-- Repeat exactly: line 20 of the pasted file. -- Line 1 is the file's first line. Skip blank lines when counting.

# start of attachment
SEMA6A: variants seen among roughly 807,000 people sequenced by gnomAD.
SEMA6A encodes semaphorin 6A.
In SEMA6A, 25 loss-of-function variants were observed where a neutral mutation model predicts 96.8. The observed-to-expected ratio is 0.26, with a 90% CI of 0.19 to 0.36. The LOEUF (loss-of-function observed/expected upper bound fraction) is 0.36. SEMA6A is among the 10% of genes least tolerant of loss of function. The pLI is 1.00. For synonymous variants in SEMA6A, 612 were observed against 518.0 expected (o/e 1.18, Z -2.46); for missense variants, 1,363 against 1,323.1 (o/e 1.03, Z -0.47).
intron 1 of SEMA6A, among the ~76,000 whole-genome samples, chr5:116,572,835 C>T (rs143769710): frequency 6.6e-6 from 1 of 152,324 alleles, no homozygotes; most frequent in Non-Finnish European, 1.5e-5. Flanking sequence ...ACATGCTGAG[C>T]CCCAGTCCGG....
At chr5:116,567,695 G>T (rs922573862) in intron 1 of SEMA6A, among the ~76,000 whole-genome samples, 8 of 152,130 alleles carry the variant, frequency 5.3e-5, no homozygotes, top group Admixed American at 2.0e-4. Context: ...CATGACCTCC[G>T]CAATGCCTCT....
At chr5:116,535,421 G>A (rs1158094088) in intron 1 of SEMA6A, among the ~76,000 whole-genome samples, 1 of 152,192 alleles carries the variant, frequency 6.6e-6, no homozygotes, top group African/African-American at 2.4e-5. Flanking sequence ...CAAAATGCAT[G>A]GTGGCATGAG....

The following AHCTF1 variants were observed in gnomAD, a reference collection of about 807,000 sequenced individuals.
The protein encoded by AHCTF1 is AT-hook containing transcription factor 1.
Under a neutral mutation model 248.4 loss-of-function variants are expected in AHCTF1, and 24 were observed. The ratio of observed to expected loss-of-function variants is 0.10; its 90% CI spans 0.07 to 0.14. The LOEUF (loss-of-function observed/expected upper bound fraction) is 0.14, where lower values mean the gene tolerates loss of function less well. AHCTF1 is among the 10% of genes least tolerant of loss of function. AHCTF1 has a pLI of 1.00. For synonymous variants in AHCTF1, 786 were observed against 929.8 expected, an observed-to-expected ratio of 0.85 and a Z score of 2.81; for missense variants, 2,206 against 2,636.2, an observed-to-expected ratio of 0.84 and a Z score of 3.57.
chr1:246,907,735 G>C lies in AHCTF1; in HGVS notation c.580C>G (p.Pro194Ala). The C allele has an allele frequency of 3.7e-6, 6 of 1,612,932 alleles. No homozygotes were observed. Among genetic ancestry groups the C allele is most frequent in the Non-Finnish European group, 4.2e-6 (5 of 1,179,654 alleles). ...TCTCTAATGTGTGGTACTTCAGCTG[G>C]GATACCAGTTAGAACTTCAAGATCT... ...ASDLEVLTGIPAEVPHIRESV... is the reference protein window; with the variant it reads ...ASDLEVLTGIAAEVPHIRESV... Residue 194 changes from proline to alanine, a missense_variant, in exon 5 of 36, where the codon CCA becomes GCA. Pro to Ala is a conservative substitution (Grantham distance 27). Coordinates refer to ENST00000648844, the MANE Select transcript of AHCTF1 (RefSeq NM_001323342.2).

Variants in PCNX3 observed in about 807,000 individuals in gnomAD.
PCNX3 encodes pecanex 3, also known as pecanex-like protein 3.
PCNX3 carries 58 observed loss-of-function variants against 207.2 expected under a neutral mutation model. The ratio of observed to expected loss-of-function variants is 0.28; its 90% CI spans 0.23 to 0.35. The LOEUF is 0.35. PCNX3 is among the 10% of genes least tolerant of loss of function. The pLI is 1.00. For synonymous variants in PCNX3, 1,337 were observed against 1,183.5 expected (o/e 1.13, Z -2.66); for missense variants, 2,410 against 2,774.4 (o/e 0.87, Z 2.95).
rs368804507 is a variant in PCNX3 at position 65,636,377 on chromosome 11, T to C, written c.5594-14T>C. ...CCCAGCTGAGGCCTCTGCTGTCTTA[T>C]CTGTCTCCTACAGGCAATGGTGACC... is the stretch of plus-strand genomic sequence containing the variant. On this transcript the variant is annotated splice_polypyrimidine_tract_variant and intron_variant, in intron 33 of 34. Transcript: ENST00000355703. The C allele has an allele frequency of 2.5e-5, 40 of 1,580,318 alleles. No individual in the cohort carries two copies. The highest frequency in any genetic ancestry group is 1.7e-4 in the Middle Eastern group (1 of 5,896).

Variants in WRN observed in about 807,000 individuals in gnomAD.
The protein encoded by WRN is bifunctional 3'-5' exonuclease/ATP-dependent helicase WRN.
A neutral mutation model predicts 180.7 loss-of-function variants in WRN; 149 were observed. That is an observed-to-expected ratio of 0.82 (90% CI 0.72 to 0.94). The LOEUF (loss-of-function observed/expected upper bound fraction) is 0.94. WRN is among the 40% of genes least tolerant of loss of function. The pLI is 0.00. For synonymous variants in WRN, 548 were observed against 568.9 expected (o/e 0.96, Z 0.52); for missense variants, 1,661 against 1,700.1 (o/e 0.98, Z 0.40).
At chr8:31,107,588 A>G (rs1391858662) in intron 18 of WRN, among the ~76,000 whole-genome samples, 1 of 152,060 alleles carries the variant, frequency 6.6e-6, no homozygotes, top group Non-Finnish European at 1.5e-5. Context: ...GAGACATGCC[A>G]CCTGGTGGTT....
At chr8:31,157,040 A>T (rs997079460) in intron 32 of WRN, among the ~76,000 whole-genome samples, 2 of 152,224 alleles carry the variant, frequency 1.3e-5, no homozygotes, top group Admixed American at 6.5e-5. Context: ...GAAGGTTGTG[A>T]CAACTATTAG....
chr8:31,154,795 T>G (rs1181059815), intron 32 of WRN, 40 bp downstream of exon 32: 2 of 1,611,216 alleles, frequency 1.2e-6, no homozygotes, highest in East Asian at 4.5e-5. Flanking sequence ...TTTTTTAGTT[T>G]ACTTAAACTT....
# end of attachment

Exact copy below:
chr8:31,154,795 T>G (rs1181059815), intron 32 of WRN, 40 bp downstream of exon 32: 2 of 1,611,216 alleles, frequency 1.2e-6, no homozygotes, highest in East Asian at 4.5e-5. Flanking sequence ...TTTTTTAGTT[T>G]ACTTAAACTT....